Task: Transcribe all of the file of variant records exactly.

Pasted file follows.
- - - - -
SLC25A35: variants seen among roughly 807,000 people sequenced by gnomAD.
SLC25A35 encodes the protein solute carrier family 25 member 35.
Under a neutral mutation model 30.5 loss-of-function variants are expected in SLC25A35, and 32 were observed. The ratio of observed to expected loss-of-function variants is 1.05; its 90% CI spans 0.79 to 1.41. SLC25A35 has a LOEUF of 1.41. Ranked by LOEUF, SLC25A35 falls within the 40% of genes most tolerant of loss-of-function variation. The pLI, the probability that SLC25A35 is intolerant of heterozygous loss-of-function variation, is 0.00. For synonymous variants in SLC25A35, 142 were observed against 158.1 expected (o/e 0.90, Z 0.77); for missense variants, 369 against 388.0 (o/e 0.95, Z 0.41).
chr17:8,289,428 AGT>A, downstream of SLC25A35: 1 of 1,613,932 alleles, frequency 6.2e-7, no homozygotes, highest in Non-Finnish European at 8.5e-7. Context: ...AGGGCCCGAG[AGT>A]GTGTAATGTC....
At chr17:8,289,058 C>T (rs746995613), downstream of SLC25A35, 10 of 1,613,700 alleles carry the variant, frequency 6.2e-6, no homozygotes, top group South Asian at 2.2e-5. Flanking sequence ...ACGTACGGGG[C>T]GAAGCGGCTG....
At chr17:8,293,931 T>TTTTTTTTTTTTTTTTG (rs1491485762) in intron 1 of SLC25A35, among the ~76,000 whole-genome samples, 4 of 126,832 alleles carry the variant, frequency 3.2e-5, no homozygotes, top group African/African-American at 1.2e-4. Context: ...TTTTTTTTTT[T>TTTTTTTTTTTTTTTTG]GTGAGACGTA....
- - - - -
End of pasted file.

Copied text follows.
SLC25A35: variants seen among roughly 807,000 people sequenced by gnomAD.
SLC25A35 encodes the protein solute carrier family 25 member 35.
Under a neutral mutation model 30.5 loss-of-function variants are expected in SLC25A35, and 32 were observed. The ratio of observed to expected loss-of-function variants is 1.05; its 90% CI spans 0.79 to 1.41. SLC25A35 has a LOEUF of 1.41. Ranked by LOEUF, SLC25A35 falls within the 40% of genes most tolerant of loss-of-function variation. The pLI, the probability that SLC25A35 is intolerant of heterozygous loss-of-function variation, is 0.00. For synonymous variants in SLC25A35, 142 were observed against 158.1 expected (o/e 0.90, Z 0.77); for missense variants, 369 against 388.0 (o/e 0.95, Z 0.41).
chr17:8,289,428 AGT>A, downstream of SLC25A35: 1 of 1,613,932 alleles, frequency 6.2e-7, no homozygotes, highest in Non-Finnish European at 8.5e-7. Context: ...AGGGCCCGAG[AGT>A]GTGTAATGTC....
At chr17:8,289,058 C>T (rs746995613), downstream of SLC25A35, 10 of 1,613,700 alleles carry the variant, frequency 6.2e-6, no homozygotes, top group South Asian at 2.2e-5. Flanking sequence ...ACGTACGGGG[C>T]GAAGCGGCTG....
At chr17:8,293,931 T>TTTTTTTTTTTTTTTTG (rs1491485762) in intron 1 of SLC25A35, among the ~76,000 whole-genome samples, 4 of 126,832 alleles carry the variant, frequency 3.2e-5, no homozygotes, top group African/African-American at 1.2e-4. Context: ...TTTTTTTTTT[T>TTTTTTTTTTTTTTTTG]GTGAGACGTA....